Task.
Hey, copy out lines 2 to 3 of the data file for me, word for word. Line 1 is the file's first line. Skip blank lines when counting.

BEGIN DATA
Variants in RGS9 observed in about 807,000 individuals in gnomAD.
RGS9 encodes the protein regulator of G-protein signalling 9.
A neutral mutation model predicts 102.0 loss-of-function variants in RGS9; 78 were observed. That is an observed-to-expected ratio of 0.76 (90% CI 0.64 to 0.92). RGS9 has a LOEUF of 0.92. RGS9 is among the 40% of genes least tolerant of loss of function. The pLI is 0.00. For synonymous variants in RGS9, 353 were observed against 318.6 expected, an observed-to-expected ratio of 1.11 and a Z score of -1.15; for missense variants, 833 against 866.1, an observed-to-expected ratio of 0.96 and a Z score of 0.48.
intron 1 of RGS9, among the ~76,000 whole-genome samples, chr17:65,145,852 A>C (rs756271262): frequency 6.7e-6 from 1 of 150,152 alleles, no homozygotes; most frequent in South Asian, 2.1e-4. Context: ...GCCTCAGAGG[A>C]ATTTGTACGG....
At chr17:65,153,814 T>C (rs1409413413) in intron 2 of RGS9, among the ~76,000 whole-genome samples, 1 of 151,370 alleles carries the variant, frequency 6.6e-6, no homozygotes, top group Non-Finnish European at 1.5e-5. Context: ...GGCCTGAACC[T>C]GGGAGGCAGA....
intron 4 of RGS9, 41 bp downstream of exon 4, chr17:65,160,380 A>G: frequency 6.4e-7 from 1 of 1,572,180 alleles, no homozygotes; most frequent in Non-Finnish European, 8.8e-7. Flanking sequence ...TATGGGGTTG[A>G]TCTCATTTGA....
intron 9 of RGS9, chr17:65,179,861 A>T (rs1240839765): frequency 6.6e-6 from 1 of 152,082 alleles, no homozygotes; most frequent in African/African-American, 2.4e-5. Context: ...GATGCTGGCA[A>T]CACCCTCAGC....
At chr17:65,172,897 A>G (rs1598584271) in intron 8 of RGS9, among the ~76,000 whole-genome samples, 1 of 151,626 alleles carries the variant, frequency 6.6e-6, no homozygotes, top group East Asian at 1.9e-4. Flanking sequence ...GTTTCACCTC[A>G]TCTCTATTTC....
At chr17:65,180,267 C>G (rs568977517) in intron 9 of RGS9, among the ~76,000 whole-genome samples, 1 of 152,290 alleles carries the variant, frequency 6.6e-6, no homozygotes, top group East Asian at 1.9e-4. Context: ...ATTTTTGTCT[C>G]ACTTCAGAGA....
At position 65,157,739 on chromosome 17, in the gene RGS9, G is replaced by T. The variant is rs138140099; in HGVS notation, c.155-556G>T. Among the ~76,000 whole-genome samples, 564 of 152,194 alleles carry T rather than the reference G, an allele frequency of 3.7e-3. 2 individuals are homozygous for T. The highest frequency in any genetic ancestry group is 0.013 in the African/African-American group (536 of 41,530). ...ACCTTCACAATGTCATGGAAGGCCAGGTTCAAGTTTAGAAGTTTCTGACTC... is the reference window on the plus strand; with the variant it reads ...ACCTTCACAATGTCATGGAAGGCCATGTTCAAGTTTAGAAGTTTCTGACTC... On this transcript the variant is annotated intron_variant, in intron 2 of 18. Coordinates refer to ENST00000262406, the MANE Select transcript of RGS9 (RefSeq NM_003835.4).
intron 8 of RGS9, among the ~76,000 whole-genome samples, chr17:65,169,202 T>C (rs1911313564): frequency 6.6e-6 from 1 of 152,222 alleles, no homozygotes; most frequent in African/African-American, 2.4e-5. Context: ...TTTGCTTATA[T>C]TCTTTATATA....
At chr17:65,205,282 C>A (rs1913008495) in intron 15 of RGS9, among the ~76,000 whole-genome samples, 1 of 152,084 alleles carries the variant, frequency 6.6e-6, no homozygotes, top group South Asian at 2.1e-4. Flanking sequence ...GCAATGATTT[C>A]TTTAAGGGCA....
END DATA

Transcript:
RGS9 encodes the protein regulator of G-protein signalling 9.
A neutral mutation model predicts 102.0 loss-of-function variants in RGS9; 78 were observed. That is an observed-to-expected ratio of 0.76 (90% CI 0.64 to 0.92). RGS9 has a LOEUF of 0.92. RGS9 is among the 40% of genes least tolerant of loss of function. The pLI is 0.00. For synonymous variants in RGS9, 353 were observed against 318.6 expected, an observed-to-expected ratio of 1.11 and a Z score of -1.15; for missense variants, 833 against 866.1, an observed-to-expected ratio of 0.96 and a Z score of 0.48.